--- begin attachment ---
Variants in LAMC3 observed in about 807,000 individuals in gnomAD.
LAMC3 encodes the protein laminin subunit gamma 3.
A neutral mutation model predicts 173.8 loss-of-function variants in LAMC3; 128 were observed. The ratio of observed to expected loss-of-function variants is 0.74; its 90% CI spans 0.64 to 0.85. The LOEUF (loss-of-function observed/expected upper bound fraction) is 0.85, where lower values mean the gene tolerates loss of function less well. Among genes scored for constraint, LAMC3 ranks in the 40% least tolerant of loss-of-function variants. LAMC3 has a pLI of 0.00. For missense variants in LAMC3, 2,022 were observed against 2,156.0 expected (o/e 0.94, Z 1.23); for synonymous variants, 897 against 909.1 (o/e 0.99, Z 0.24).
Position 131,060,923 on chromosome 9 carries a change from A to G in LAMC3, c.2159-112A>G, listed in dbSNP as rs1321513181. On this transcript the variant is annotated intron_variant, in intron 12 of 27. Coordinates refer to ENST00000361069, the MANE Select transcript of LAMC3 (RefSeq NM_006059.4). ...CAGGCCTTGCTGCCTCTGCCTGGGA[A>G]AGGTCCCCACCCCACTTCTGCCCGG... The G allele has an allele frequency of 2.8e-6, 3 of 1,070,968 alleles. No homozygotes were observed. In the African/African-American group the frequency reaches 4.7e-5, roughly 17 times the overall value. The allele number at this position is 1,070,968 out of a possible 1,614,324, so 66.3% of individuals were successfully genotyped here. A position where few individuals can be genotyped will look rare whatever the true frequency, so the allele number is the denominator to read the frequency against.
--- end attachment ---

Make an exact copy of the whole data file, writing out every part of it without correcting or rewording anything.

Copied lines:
Variants in LAMC3 observed in about 807,000 individuals in gnomAD.
LAMC3 encodes the protein laminin subunit gamma 3.
A neutral mutation model predicts 173.8 loss-of-function variants in LAMC3; 128 were observed. The ratio of observed to expected loss-of-function variants is 0.74; its 90% CI spans 0.64 to 0.85. The LOEUF (loss-of-function observed/expected upper bound fraction) is 0.85, where lower values mean the gene tolerates loss of function less well. Among genes scored for constraint, LAMC3 ranks in the 40% least tolerant of loss-of-function variants. LAMC3 has a pLI of 0.00. For missense variants in LAMC3, 2,022 were observed against 2,156.0 expected (o/e 0.94, Z 1.23); for synonymous variants, 897 against 909.1 (o/e 0.99, Z 0.24).
Position 131,060,923 on chromosome 9 carries a change from A to G in LAMC3, c.2159-112A>G, listed in dbSNP as rs1321513181. On this transcript the variant is annotated intron_variant, in intron 12 of 27. Coordinates refer to ENST00000361069, the MANE Select transcript of LAMC3 (RefSeq NM_006059.4). ...CAGGCCTTGCTGCCTCTGCCTGGGA[A>G]AGGTCCCCACCCCACTTCTGCCCGG... The G allele has an allele frequency of 2.8e-6, 3 of 1,070,968 alleles. No homozygotes were observed. In the African/African-American group the frequency reaches 4.7e-5, roughly 17 times the overall value. The allele number at this position is 1,070,968 out of a possible 1,614,324, so 66.3% of individuals were successfully genotyped here. A position where few individuals can be genotyped will look rare whatever the true frequency, so the allele number is the denominator to read the frequency against.